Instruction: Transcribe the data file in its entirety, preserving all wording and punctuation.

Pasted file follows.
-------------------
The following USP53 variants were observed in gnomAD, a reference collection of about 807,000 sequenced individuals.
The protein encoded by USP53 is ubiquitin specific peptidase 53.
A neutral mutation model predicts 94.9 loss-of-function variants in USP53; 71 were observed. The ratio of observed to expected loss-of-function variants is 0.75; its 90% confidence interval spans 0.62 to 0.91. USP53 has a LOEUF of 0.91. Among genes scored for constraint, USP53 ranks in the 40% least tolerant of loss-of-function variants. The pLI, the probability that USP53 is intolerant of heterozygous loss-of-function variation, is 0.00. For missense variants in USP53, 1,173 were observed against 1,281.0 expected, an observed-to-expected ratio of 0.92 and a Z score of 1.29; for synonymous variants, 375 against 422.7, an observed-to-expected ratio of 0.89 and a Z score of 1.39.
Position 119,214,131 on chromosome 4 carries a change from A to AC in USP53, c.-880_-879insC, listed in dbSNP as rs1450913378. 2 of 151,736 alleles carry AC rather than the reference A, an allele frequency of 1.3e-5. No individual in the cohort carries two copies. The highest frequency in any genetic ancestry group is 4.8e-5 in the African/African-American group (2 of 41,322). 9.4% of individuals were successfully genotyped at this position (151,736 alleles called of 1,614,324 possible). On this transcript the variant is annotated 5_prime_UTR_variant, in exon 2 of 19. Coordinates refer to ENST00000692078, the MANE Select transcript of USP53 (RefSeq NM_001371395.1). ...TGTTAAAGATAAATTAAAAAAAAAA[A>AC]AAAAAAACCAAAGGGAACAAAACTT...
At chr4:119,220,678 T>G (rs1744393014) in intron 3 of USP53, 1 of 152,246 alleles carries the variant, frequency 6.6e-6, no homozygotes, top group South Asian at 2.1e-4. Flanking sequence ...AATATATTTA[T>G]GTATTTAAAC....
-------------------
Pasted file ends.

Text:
The following USP53 variants were observed in gnomAD, a reference collection of about 807,000 sequenced individuals.
The protein encoded by USP53 is ubiquitin specific peptidase 53.
A neutral mutation model predicts 94.9 loss-of-function variants in USP53; 71 were observed. The ratio of observed to expected loss-of-function variants is 0.75; its 90% confidence interval spans 0.62 to 0.91. USP53 has a LOEUF of 0.91. Among genes scored for constraint, USP53 ranks in the 40% least tolerant of loss-of-function variants. The pLI, the probability that USP53 is intolerant of heterozygous loss-of-function variation, is 0.00. For missense variants in USP53, 1,173 were observed against 1,281.0 expected, an observed-to-expected ratio of 0.92 and a Z score of 1.29; for synonymous variants, 375 against 422.7, an observed-to-expected ratio of 0.89 and a Z score of 1.39.
Position 119,214,131 on chromosome 4 carries a change from A to AC in USP53, c.-880_-879insC, listed in dbSNP as rs1450913378. 2 of 151,736 alleles carry AC rather than the reference A, an allele frequency of 1.3e-5. No individual in the cohort carries two copies. The highest frequency in any genetic ancestry group is 4.8e-5 in the African/African-American group (2 of 41,322). 9.4% of individuals were successfully genotyped at this position (151,736 alleles called of 1,614,324 possible). On this transcript the variant is annotated 5_prime_UTR_variant, in exon 2 of 19. Coordinates refer to ENST00000692078, the MANE Select transcript of USP53 (RefSeq NM_001371395.1). ...TGTTAAAGATAAATTAAAAAAAAAA[A>AC]AAAAAAACCAAAGGGAACAAAACTT...
At chr4:119,220,678 T>G (rs1744393014) in intron 3 of USP53, 1 of 152,246 alleles carries the variant, frequency 6.6e-6, no homozygotes, top group South Asian at 2.1e-4. Flanking sequence ...AATATATTTA[T>G]GTATTTAAAC....